News of the death of actor/comedian Robin Williams August 11 from apparent suicide strikes particularly hard. Williams was frank about his struggles with mental illness and addiction, and discussed them openly and with characteristic humor ("I went to rehab in wine country to keep my options open" is a classic).
There was a period in the early 1990s when movies starring Robin Williams had become the watch list of my kids' lives: Hook, Aladdin, Mrs. Doubtfire, Jumanji. All sparkle with elements of his manic humor, his imploring smile, and his deeply sad eyes.
But the Williams moment that rings most clearly for me is the scene from 1989's Dead Poets Society, reborn recently with Apple's iPad Air ad campaign
"We read and write poetry because we are members of the human race. And the human race is filled with passion. And medicine, law, business, engineering, these are noble pursuits and necessary to sustain life. But poetry, beauty, romance, love, these are what we stay alive for. To quote from Whitman, “O me! O life!… of the questions of these recurring; of the endless trains of the faithless… of cities filled with the foolish; what good amid these, O me, O life?” Answer: that you are here; that life exists, and identity; that the powerful play goes on and you may contribute a verse; that the powerful play goes on and you may contribute a verse. What will your verse be?"
"Poetry, beauty, romance, love, these are what we stay alive for... You are here...life exists, and identity... The powerful play goes on and you may contribute a verse. What will your verse be?"
We are told that one in four people will suffer from some diagnosable mental illness. We are told that 90 percent of persons who complete suicide have some form of mental illness. We are told that those with serious mental illness have life expectancy 10 years less than average. The tide is turning on conversations and stigma about mental illness, but too slowly. Fear and denial keep too many from seeking help. There are still ignorant haters with popular soapboxes, perpetuating myths about mental illness and suicide.
Celebrity deaths, whether from mental illness, addictions, or recklessness, are always a double-edged sword with young people. On the one hand, there is a fear that young people will be more likely to follow their tragic idols. On the other, it opens a door to conversations. If there could be such a thing as a best-case scenario with a celebrity suicide, Robin Williams' may be it. He is famous enough, has been around long enough, and has appealed to generations of kids enough that anyone older than 7 is going to recognize his face, voice or characters. On the other hand, he is not the kind of celebrity whom young people will like likely emulate or idolize. Robin Williams is not Kurt Cobain.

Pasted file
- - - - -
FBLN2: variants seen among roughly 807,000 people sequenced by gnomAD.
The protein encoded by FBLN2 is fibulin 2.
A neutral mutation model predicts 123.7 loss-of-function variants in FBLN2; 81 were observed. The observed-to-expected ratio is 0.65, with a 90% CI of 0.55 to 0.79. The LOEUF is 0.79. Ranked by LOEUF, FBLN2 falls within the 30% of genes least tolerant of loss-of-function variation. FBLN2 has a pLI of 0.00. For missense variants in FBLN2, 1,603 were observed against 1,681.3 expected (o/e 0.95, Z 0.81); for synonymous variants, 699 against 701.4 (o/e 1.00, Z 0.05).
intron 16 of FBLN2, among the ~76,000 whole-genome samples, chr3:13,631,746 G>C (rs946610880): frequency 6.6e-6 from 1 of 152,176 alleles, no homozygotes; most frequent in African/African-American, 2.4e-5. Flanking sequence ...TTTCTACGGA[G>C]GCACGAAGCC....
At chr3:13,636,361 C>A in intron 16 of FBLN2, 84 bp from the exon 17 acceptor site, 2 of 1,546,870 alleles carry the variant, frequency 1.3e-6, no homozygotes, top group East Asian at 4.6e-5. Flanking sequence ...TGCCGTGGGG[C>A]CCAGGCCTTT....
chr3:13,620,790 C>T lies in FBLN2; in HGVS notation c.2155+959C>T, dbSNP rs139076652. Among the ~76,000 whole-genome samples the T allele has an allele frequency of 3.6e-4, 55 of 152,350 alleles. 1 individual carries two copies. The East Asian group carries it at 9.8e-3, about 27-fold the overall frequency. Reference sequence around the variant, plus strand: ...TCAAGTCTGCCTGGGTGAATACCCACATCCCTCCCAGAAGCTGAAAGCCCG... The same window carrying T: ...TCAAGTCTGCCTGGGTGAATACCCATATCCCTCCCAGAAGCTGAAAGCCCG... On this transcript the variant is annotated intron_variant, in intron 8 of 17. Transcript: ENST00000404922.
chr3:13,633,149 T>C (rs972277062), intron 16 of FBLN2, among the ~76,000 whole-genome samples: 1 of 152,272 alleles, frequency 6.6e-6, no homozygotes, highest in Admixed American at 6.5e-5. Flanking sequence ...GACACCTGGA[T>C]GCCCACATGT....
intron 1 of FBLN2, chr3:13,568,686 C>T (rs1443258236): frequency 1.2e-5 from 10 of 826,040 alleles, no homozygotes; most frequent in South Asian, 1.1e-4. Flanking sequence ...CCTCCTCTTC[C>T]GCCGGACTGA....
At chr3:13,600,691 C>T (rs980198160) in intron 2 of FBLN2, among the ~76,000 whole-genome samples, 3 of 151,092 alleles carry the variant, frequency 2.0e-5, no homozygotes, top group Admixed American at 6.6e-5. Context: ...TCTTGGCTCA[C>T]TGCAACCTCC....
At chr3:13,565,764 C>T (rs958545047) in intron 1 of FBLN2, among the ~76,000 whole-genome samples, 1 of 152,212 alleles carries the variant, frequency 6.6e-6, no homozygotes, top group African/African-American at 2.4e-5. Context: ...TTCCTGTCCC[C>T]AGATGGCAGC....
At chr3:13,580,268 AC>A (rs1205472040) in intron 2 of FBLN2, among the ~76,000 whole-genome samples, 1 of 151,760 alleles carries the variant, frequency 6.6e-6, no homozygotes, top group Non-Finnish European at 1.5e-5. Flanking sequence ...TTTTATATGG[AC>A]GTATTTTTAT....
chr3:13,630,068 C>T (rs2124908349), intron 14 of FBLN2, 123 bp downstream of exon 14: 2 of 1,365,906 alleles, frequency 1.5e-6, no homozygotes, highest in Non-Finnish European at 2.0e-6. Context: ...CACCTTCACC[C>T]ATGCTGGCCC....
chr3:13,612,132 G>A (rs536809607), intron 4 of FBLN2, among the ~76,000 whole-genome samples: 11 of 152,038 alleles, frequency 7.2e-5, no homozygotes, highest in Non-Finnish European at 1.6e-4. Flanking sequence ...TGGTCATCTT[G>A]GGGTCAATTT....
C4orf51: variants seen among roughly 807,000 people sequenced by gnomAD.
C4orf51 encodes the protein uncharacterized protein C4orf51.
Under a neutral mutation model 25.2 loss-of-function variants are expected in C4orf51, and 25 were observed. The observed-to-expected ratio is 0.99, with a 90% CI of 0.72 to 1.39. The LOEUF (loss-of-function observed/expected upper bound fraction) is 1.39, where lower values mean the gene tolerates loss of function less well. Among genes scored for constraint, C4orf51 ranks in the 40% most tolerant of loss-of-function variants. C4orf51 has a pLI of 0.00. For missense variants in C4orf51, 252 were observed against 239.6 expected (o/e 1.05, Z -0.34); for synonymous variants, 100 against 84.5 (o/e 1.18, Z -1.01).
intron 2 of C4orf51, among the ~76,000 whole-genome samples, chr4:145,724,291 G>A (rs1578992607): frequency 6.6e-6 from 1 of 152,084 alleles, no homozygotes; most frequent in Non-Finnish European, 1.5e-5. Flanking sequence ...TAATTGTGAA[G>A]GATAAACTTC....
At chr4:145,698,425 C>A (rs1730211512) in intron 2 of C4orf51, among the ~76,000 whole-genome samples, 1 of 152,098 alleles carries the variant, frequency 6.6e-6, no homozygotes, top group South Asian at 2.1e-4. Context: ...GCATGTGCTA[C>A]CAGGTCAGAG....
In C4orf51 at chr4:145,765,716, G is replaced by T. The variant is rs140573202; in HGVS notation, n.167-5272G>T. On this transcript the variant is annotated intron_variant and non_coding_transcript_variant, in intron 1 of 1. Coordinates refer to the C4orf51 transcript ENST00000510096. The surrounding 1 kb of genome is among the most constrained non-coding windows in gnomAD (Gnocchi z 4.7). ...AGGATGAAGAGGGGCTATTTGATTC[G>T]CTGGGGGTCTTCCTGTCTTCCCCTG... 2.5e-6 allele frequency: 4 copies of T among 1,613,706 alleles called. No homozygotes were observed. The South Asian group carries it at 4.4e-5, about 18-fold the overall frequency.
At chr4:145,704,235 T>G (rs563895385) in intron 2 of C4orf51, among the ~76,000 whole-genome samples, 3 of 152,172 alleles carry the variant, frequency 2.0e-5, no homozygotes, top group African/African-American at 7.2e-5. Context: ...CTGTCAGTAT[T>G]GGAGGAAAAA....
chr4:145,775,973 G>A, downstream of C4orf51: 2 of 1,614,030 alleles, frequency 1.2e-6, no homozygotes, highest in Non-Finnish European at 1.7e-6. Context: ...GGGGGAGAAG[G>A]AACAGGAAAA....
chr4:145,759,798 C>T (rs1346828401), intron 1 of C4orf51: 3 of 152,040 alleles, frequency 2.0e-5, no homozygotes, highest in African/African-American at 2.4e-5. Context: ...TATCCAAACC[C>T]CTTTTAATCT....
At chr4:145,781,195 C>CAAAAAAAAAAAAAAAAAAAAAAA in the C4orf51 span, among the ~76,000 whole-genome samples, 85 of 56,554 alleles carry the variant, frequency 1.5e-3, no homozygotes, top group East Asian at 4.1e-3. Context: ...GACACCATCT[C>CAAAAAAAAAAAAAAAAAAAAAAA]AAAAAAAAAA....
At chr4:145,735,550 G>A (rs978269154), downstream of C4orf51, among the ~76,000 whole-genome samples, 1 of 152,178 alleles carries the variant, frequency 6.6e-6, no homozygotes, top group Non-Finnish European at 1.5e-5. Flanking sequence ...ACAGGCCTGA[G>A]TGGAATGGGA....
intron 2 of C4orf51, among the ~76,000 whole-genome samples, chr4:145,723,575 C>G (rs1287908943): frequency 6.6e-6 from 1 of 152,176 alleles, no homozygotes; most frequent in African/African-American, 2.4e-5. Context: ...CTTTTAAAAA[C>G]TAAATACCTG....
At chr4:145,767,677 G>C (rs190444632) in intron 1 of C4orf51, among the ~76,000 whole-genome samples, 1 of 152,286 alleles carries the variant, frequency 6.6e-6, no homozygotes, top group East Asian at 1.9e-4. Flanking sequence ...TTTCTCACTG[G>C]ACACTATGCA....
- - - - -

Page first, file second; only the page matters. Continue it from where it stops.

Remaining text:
Just as with so-called "physical" illnesses, not all mental illnesses are deadly, but some are. Mental health counselors identify three mental illnesses that are potentially deadly: addiction, eating disorders and depression. However, people are generally more comfortable talking about diabetes, heart disease, even cancer, than about mental illnesses. Any opportunity to make mental illnesses less dark, less mysterious, to shed light on these all-too-common afflictions, is an opportunity for teaching and, in some cases, early identification and intervention.
So, what's a parent to do when a child says "Mrs. Doubtfire is dead" or "Peter Pan killed himself"? There's no one, best answer. Understand that children are by nature both curious and resilient. Answering the question to the best of your ability is OK; deflecting or ignoring it drives the subject further into the darkness, where it can take on all sorts of misunderstanding. This Mom wrote about how she talked with her kids, relating to his characters and other family experience. The American Foundation for Suicide Prevention offers a few tips for talking to kids about suicide. SAVE.org offers more help. The Jason Foundation website has information for teens, parents and schools.
Many families find comfort in speaking to pastors or other faith-based counselors. Your school may have a counselor you can speak to. The mental health agencies in the Tri-County network of care employ counselors who specialize in youth and family. NAMI of Darke, Miami and Shelby Counties has upcoming classes you may find useful. For someone in crisis, the Tri-County Hotline is open 24 hours a day at 800-351-7347, or the National Suicide Prevention Lifeline is 800-273-TALK (8255).
Every suicide is a tragedy. Celebrity amplifies the tragedy, and when the celebrity is someone with the multi-generational reach and appeal of Robin Williams, someone whose voice will continue to be heard through the timeless characters of his films, the loss is proportionally deep. If his illness and death create opportunities for a deeper understanding of mental disorders, then that is the solace we can take from it.
“You treat a disease, you win, you lose. You treat a person, I guarantee you, you’ll win, no matter what the outcome.” - Robin Williams as Patch Adams